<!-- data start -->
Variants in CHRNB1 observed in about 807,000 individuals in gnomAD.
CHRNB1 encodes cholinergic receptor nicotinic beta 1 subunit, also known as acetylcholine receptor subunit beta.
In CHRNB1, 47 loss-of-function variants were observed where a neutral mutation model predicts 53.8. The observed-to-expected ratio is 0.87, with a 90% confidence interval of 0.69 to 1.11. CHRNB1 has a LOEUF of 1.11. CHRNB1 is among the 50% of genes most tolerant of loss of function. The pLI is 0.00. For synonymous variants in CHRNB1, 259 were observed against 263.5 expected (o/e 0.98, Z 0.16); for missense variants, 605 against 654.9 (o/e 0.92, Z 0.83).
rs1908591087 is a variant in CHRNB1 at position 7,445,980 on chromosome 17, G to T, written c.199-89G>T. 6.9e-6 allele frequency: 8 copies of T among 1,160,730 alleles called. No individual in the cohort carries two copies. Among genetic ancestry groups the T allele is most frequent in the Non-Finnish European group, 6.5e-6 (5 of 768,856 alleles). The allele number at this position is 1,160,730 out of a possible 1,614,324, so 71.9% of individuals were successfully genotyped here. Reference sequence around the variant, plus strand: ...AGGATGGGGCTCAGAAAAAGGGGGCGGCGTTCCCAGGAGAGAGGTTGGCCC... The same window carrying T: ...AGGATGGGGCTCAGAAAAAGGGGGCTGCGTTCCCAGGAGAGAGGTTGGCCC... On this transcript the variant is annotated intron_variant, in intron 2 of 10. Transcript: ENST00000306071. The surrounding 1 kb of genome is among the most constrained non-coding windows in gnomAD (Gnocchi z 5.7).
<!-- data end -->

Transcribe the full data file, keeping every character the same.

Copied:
Variants in CHRNB1 observed in about 807,000 individuals in gnomAD.
CHRNB1 encodes cholinergic receptor nicotinic beta 1 subunit, also known as acetylcholine receptor subunit beta.
In CHRNB1, 47 loss-of-function variants were observed where a neutral mutation model predicts 53.8. The observed-to-expected ratio is 0.87, with a 90% confidence interval of 0.69 to 1.11. CHRNB1 has a LOEUF of 1.11. CHRNB1 is among the 50% of genes most tolerant of loss of function. The pLI is 0.00. For synonymous variants in CHRNB1, 259 were observed against 263.5 expected (o/e 0.98, Z 0.16); for missense variants, 605 against 654.9 (o/e 0.92, Z 0.83).
rs1908591087 is a variant in CHRNB1 at position 7,445,980 on chromosome 17, G to T, written c.199-89G>T. 6.9e-6 allele frequency: 8 copies of T among 1,160,730 alleles called. No individual in the cohort carries two copies. Among genetic ancestry groups the T allele is most frequent in the Non-Finnish European group, 6.5e-6 (5 of 768,856 alleles). The allele number at this position is 1,160,730 out of a possible 1,614,324, so 71.9% of individuals were successfully genotyped here. Reference sequence around the variant, plus strand: ...AGGATGGGGCTCAGAAAAAGGGGGCGGCGTTCCCAGGAGAGAGGTTGGCCC... The same window carrying T: ...AGGATGGGGCTCAGAAAAAGGGGGCTGCGTTCCCAGGAGAGAGGTTGGCCC... On this transcript the variant is annotated intron_variant, in intron 2 of 10. Transcript: ENST00000306071. The surrounding 1 kb of genome is among the most constrained non-coding windows in gnomAD (Gnocchi z 5.7).